CHARLESTON, W.Va. — A senior at John Marshall High School in Marshall County, Brittany Smith could already have a career in agriculture immediately after graduation if she wanted.
Thanks to the Career Technical Education program, Smith was able to take classes for three years in agricultural sciences in addition to her normal high school curriculum.
“I’ve taken intro to agriculture, horticulture, landscape and design and greenhouse where I’ve been a greenhouse manager,” Smith said. “But I’m not going into anything agriculture-related, but I can get a job in the ag field immediately.”
Smith was one of more than 400 CTE students being honored at the 2nd Annual Governor’s Workforce Credential Ceremony at the West Virginia Culture Center Theater on Monday.
Smith, for example, is also OSHA 10 certified due to her classes in agriculture, and she passed a pesticides applicator test which allows her to work with pesticides anywhere. She will be attending West Liberty University.
Caleb Glandon is a senior at Buffalo High School in Putnam County and is nearly a certified firefighter after going through his CTE classes.
“I belong to three fire departments actually — two Putnam County and one in Nicholas County as well,” he said.
Glandon has been working as a volunteer fireman, and he will be heading off to college in the fall.
“West Virginia Wesleyan, double majoring in history and political science, and then hopefully going to law school. We’ll see how that goes,” he said.
Students could take business courses through the program, which is what Alex Haught, a senior at John Marshall High School, did for four years. This led her to want to pursue a career in accounting.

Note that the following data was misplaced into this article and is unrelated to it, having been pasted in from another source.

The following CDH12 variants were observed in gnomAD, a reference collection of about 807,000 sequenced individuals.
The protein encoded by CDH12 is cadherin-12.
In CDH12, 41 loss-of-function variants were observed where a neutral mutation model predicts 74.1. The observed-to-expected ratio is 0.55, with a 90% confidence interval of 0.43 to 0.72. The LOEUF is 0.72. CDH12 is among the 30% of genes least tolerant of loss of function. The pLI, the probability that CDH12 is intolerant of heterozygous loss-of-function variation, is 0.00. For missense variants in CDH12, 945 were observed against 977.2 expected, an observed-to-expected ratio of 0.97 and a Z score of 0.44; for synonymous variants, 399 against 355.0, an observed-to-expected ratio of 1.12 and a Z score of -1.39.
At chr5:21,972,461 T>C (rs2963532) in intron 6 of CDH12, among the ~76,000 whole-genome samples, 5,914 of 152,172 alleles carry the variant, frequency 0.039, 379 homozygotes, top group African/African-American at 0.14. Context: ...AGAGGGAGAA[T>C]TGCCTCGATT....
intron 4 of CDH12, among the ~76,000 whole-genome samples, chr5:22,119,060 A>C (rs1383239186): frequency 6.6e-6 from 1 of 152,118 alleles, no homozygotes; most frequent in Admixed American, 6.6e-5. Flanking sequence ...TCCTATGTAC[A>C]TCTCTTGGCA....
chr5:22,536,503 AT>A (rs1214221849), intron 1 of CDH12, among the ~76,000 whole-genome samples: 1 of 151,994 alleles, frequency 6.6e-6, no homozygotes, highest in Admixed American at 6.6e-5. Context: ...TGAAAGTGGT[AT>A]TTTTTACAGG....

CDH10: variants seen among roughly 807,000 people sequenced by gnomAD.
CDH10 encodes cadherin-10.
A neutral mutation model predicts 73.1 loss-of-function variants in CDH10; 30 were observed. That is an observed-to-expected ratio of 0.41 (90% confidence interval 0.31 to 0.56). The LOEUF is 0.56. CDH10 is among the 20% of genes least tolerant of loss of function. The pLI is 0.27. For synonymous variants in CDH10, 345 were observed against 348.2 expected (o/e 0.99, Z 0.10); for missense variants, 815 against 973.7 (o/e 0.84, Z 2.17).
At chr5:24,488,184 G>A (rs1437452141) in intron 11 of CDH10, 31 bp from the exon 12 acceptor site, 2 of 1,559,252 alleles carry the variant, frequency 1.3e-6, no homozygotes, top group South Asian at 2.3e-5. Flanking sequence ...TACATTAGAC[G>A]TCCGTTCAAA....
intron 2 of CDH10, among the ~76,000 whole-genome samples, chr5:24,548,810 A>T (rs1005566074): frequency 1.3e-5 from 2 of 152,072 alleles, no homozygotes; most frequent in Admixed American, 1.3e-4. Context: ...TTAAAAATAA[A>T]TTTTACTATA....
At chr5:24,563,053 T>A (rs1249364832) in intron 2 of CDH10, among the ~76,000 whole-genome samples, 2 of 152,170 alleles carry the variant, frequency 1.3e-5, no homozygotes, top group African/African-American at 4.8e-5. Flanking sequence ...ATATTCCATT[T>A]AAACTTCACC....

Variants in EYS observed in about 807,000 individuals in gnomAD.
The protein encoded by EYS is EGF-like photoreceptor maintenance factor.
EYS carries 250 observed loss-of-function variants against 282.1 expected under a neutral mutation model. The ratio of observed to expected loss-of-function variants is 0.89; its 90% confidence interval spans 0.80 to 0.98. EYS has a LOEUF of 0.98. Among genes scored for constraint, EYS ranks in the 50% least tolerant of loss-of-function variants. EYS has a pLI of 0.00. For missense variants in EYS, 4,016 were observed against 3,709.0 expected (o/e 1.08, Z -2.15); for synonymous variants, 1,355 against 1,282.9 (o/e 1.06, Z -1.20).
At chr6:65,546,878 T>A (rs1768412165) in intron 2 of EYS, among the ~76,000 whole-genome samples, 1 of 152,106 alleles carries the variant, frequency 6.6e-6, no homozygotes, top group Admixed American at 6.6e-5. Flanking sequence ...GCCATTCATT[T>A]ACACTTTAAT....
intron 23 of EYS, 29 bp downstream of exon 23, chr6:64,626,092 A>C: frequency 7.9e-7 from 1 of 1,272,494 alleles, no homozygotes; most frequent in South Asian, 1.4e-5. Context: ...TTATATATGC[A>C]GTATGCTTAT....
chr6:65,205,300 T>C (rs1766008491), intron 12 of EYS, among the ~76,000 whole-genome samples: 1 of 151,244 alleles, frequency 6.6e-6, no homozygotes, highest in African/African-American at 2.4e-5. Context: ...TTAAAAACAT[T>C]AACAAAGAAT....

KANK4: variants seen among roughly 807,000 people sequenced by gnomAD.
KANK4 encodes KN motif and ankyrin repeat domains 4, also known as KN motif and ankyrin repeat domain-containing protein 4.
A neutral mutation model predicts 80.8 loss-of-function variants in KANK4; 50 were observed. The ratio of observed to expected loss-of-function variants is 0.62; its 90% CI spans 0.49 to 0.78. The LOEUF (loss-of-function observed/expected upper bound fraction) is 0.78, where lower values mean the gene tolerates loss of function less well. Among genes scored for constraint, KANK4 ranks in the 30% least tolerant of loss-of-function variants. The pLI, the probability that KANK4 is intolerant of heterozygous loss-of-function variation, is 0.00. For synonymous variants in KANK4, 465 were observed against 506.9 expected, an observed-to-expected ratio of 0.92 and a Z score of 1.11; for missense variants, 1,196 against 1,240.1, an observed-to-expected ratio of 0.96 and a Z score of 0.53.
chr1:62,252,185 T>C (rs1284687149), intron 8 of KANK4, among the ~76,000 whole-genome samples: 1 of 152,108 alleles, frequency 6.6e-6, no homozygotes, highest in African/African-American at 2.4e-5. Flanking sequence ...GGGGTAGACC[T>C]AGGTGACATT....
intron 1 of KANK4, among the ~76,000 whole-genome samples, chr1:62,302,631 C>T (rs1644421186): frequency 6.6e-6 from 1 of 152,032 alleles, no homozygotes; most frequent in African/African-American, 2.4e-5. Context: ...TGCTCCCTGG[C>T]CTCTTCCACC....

While Haught could get a job after high school with her business experience, she plans on attending Wheeling Jesuit University.
“I still need college time, but I can get closer to my goal through that, because I do have experience,” she said.
Rachel Boring of Wheeling, another student being awarded the credential, said, “I’ve been working for this since the beginning of our senior year on our portfolios, and I’m really excited to be here, because I love being at the Capitol, and I love Charleston.”
Kathy D’Antoni, assistant state superintendent of schools, said all of the students have special skills. “These students not only have the technical skill sets that are required to get a job, but they have the academic and the soft skill sets,” she said.
D’Antoni said that the students understand how to work in teams and problem solve, as well as think critically.
“These kids have run their own companies for the last two years,” she said. “They’re fantastic young people.”
The students receiving the workforce credential are among the top graduates this year, according to D’Antoni, and she said she hopes that prospective employers ask about the honor.
“They’re our future in West Virginia,” D’Antoni said.
Story by Jordyn Johnson